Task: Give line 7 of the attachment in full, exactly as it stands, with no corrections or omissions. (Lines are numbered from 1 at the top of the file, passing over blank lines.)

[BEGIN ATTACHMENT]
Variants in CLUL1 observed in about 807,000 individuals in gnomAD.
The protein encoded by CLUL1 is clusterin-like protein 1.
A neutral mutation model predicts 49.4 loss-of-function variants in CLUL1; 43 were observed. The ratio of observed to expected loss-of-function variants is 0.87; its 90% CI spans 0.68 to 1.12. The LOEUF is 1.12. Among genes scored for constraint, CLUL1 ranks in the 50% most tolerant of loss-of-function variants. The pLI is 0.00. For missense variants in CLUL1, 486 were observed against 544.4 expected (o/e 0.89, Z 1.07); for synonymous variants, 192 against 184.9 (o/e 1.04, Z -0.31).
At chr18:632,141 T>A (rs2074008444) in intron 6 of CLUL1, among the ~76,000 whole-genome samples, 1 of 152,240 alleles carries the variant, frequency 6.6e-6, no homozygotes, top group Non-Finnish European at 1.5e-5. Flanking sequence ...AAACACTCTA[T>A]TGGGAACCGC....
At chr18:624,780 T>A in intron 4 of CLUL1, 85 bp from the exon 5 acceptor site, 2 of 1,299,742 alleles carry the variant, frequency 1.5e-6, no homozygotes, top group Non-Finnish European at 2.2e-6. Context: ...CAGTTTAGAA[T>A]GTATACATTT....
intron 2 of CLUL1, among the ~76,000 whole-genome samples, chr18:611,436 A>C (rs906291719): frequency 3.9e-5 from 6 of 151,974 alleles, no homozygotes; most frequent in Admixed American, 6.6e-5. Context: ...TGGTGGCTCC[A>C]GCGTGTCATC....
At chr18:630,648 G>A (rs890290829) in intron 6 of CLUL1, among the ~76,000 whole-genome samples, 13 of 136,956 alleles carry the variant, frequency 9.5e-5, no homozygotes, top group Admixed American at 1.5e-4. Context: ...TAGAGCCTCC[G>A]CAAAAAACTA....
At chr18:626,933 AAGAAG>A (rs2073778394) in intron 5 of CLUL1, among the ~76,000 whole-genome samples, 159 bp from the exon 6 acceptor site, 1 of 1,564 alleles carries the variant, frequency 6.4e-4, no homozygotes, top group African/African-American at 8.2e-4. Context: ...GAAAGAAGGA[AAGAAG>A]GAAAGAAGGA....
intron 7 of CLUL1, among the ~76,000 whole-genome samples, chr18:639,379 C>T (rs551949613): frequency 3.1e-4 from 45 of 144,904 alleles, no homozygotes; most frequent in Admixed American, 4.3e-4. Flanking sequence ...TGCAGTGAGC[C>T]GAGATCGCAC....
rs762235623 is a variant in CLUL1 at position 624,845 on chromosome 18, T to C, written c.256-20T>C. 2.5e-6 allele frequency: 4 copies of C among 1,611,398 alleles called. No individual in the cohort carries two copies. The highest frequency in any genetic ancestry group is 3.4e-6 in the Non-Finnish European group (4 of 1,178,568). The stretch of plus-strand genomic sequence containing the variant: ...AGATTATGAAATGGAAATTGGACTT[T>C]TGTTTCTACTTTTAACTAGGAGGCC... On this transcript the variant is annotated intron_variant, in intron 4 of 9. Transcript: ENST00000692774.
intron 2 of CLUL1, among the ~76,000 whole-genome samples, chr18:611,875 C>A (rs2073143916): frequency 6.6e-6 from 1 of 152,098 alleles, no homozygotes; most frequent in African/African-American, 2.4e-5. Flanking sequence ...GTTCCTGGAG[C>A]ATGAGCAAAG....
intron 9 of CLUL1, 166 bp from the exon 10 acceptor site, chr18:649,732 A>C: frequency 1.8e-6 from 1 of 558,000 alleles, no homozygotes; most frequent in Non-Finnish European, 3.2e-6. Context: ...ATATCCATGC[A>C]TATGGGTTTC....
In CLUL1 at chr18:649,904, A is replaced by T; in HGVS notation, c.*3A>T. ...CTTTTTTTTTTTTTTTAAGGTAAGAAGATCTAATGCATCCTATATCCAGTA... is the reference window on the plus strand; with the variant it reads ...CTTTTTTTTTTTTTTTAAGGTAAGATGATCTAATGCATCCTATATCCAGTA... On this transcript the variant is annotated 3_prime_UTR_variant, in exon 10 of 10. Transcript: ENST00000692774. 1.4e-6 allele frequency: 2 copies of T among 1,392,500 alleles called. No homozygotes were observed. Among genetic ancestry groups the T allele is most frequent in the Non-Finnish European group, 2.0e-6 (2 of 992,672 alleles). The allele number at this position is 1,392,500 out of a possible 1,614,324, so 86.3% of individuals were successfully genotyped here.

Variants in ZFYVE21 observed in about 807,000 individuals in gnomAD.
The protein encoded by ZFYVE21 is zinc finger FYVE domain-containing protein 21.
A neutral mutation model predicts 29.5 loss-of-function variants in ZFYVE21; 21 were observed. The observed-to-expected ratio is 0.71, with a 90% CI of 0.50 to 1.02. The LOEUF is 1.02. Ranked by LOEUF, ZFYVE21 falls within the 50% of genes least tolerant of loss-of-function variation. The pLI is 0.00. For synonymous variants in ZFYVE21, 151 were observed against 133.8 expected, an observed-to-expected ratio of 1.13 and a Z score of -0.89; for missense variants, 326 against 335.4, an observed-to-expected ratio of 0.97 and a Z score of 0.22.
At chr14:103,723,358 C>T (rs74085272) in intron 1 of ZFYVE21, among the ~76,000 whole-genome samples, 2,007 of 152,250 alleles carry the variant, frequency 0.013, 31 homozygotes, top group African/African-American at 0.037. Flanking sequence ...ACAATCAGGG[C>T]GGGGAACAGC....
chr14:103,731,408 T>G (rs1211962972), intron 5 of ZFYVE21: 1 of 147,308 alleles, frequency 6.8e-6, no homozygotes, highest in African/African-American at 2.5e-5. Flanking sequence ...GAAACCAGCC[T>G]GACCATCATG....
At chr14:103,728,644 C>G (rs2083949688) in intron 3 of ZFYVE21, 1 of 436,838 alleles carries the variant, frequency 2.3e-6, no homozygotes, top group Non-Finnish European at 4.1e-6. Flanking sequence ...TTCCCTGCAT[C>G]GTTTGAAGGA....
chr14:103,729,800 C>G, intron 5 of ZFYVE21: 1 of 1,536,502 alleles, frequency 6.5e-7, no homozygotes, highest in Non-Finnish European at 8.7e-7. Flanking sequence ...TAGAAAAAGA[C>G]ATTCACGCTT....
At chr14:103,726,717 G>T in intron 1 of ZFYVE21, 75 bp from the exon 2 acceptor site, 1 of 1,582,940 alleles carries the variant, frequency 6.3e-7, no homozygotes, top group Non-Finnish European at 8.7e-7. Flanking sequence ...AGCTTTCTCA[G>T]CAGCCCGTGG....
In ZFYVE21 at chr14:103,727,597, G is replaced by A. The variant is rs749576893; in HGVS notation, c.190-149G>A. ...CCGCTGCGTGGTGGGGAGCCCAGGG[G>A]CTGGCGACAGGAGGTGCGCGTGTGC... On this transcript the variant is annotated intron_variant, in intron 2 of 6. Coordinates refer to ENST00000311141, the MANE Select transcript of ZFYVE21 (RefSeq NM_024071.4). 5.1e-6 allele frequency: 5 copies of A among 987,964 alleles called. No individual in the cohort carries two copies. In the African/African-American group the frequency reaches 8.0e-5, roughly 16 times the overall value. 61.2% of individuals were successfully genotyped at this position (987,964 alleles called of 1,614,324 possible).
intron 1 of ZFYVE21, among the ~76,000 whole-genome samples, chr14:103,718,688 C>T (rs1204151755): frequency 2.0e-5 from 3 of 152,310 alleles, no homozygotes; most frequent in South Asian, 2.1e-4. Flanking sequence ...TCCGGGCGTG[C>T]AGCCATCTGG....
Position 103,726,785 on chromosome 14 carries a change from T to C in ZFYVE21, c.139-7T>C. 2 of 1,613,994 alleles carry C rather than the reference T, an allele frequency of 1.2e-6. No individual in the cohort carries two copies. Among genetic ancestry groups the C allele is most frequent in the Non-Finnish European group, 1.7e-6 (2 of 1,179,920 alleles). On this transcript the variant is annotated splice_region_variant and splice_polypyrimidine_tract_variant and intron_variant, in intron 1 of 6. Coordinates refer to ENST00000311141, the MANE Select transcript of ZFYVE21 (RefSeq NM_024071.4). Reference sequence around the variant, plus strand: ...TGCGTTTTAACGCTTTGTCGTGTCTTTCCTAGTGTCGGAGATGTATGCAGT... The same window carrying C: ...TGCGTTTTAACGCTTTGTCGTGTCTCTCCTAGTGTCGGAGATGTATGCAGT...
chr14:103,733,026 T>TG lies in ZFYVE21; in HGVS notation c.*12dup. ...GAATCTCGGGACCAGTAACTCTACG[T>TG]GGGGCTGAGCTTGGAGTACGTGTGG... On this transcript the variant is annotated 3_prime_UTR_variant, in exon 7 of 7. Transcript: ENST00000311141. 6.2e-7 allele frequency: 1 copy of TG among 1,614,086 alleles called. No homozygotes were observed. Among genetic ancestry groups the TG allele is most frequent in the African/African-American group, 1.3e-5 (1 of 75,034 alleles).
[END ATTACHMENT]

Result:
At chr18:630,648 G>A (rs890290829) in intron 6 of CLUL1, among the ~76,000 whole-genome samples, 13 of 136,956 alleles carry the variant, frequency 9.5e-5, no homozygotes, top group Admixed American at 1.5e-4. Context: ...TAGAGCCTCC[G>A]CAAAAAACTA....